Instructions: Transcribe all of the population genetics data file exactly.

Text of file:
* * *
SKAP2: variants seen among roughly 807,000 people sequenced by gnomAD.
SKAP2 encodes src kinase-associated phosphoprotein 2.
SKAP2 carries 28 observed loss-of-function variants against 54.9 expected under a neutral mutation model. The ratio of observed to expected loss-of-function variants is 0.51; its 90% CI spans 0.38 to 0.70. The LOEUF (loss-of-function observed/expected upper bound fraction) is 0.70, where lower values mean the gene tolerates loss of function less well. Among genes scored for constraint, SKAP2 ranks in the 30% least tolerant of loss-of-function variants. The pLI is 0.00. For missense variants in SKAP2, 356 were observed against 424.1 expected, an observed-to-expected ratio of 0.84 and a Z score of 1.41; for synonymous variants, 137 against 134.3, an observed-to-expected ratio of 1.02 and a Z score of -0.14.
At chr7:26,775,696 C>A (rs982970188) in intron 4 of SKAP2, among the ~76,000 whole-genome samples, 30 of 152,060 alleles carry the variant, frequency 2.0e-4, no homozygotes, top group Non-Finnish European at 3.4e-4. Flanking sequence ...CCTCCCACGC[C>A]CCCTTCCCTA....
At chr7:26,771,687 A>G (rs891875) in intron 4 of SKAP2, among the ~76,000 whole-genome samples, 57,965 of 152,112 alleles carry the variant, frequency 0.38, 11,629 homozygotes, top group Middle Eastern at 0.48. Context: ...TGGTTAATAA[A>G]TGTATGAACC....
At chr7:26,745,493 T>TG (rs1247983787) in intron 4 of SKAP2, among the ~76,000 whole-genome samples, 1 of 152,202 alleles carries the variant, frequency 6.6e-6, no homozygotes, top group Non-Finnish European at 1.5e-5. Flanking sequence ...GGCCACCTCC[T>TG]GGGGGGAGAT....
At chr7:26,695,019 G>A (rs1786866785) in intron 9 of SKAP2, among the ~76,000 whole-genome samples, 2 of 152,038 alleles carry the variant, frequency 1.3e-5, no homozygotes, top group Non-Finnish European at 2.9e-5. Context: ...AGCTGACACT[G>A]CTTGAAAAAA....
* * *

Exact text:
SKAP2: variants seen among roughly 807,000 people sequenced by gnomAD.
SKAP2 encodes src kinase-associated phosphoprotein 2.
SKAP2 carries 28 observed loss-of-function variants against 54.9 expected under a neutral mutation model. The ratio of observed to expected loss-of-function variants is 0.51; its 90% CI spans 0.38 to 0.70. The LOEUF (loss-of-function observed/expected upper bound fraction) is 0.70, where lower values mean the gene tolerates loss of function less well. Among genes scored for constraint, SKAP2 ranks in the 30% least tolerant of loss-of-function variants. The pLI is 0.00. For missense variants in SKAP2, 356 were observed against 424.1 expected, an observed-to-expected ratio of 0.84 and a Z score of 1.41; for synonymous variants, 137 against 134.3, an observed-to-expected ratio of 1.02 and a Z score of -0.14.
At chr7:26,775,696 C>A (rs982970188) in intron 4 of SKAP2, among the ~76,000 whole-genome samples, 30 of 152,060 alleles carry the variant, frequency 2.0e-4, no homozygotes, top group Non-Finnish European at 3.4e-4. Flanking sequence ...CCTCCCACGC[C>A]CCCTTCCCTA....
At chr7:26,771,687 A>G (rs891875) in intron 4 of SKAP2, among the ~76,000 whole-genome samples, 57,965 of 152,112 alleles carry the variant, frequency 0.38, 11,629 homozygotes, top group Middle Eastern at 0.48. Context: ...TGGTTAATAA[A>G]TGTATGAACC....
At chr7:26,745,493 T>TG (rs1247983787) in intron 4 of SKAP2, among the ~76,000 whole-genome samples, 1 of 152,202 alleles carries the variant, frequency 6.6e-6, no homozygotes, top group Non-Finnish European at 1.5e-5. Flanking sequence ...GGCCACCTCC[T>TG]GGGGGGAGAT....
At chr7:26,695,019 G>A (rs1786866785) in intron 9 of SKAP2, among the ~76,000 whole-genome samples, 2 of 152,038 alleles carry the variant, frequency 1.3e-5, no homozygotes, top group Non-Finnish European at 2.9e-5. Context: ...AGCTGACACT[G>A]CTTGAAAAAA....